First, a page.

Will Self is one of Britain’s best-known contemporary writers, a public intellectual whose novels have been shortlisted for the Booker Prize and translated into over twenty languages. In Will, his first ever memoir, he turns his attention fully to his own self, and in particular his addictions as a young man. An addiction memoir like no other, Will echoes the best of Self’s psychedelic fiction, and is one of the most eloquent depictions of the allure of hard drugs ever written.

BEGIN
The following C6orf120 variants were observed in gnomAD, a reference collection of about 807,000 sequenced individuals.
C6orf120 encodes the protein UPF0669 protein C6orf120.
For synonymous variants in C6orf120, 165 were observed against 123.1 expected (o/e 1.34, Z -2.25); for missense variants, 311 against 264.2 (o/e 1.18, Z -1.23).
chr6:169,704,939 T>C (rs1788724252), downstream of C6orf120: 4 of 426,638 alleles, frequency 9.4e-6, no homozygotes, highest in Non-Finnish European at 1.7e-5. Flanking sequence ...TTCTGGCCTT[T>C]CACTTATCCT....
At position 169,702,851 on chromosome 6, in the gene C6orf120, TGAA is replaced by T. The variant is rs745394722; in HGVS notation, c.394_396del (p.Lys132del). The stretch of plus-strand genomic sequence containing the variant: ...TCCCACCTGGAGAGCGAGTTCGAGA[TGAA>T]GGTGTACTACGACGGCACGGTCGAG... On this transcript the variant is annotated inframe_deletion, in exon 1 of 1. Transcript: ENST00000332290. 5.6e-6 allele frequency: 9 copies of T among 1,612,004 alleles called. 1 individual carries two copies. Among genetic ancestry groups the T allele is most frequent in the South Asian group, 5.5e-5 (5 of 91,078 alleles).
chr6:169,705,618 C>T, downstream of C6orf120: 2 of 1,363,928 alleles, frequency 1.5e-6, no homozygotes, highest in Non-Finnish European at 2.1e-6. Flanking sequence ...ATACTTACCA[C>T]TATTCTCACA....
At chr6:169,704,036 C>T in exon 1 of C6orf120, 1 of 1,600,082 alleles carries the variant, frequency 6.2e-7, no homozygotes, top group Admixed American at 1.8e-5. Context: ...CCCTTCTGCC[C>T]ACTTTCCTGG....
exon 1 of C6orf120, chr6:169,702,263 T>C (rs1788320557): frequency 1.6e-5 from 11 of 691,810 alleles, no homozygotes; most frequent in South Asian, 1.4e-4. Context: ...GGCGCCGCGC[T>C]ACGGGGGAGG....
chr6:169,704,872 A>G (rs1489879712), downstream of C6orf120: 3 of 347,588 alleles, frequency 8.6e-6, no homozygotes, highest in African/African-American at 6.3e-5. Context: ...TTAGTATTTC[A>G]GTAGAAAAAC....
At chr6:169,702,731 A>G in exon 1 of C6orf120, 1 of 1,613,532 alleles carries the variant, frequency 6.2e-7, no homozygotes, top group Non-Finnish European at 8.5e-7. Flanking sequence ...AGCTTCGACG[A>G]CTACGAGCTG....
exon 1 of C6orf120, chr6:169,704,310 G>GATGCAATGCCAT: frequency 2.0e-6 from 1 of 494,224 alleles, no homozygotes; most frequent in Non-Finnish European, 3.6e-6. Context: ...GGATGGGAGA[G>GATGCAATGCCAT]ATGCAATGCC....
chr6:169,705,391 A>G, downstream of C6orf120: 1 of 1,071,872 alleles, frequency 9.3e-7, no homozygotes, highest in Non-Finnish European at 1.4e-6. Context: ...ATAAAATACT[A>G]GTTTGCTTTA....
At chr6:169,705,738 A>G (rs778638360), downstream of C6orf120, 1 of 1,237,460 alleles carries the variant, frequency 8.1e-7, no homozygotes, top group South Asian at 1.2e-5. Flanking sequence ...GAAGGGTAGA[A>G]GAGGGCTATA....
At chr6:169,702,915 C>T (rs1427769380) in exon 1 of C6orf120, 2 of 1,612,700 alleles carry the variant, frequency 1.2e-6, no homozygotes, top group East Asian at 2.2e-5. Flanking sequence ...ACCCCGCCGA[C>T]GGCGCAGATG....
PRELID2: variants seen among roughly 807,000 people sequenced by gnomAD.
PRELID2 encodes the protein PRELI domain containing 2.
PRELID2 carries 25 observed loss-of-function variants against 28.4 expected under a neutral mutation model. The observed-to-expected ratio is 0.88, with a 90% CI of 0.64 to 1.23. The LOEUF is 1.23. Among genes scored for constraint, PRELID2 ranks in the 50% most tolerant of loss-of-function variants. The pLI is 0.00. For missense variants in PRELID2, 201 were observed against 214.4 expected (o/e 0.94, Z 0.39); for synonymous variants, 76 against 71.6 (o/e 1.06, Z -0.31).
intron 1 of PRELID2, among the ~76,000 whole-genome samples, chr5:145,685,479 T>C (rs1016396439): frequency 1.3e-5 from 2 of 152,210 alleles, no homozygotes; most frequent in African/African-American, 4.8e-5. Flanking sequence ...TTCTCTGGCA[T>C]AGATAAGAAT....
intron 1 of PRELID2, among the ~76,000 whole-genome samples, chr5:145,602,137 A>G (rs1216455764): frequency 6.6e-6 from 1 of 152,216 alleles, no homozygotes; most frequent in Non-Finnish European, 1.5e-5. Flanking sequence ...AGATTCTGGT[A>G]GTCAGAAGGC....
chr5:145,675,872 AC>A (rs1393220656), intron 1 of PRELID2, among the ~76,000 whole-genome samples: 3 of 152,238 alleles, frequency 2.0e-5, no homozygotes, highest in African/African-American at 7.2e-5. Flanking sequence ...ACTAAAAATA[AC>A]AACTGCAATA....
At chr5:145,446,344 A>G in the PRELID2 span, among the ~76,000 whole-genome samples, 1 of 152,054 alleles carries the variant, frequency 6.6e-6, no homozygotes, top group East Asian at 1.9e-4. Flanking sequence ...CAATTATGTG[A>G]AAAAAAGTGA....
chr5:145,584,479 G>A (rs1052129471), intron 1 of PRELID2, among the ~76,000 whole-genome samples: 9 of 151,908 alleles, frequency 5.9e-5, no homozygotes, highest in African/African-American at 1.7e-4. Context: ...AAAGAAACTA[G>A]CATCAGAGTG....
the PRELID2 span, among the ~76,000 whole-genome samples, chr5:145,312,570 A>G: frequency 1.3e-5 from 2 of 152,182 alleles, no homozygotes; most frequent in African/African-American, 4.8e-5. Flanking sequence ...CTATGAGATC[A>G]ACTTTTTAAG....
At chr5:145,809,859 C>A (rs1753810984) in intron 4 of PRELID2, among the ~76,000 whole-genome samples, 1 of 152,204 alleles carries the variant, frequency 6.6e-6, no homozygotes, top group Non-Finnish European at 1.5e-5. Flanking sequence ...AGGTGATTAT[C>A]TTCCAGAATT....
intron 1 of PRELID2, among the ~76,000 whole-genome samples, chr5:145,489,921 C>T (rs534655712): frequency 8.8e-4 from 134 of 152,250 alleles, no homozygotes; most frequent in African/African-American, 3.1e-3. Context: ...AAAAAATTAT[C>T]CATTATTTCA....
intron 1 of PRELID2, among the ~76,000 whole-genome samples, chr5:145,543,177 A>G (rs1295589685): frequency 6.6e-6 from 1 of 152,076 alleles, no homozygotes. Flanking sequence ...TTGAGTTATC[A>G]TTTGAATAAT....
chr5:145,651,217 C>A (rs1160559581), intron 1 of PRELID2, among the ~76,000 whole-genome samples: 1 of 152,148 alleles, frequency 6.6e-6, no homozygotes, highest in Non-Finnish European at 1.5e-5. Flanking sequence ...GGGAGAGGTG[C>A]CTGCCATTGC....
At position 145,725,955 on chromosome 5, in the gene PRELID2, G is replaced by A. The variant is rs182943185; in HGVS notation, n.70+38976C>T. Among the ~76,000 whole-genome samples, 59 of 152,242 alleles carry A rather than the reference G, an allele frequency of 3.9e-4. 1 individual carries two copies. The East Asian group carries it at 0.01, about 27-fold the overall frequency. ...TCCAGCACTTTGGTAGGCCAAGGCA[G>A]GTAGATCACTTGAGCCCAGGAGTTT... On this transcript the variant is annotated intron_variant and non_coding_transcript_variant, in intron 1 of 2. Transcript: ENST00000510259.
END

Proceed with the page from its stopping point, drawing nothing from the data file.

Will spins the reader from Self’s childhood in a North London suburb to his mind-expanding education at Oxford, to a Burroughsian trip to Morocco, an outback vision in Australia, and, finally, a surreal turn in rehab. Self uses drugs from a young age, hiding acid, amphetamine, and weed in a tin of Dilly Duckling cough pastilles. His university years are fueled with books but also with “heroin, hashish, cocaine, grass and amphetamine.” Self smokes dope in suburbia, buys opium in India, and even injects methamphetamine on a camping trip in Wales’s Black Mountains. And his extreme highs inevitably give way to deep lows, an enthralling cycle that persists and repeats. One of the best minds of our generation, whose mordant humor and vivid images shine in this technicolor portrait of family, art, and self-expression, Self has written in Will both a kunstlerroman and confessional, a tale of excess and degradation, a karmic cycle that leads back to the author’s own lack of . . . will.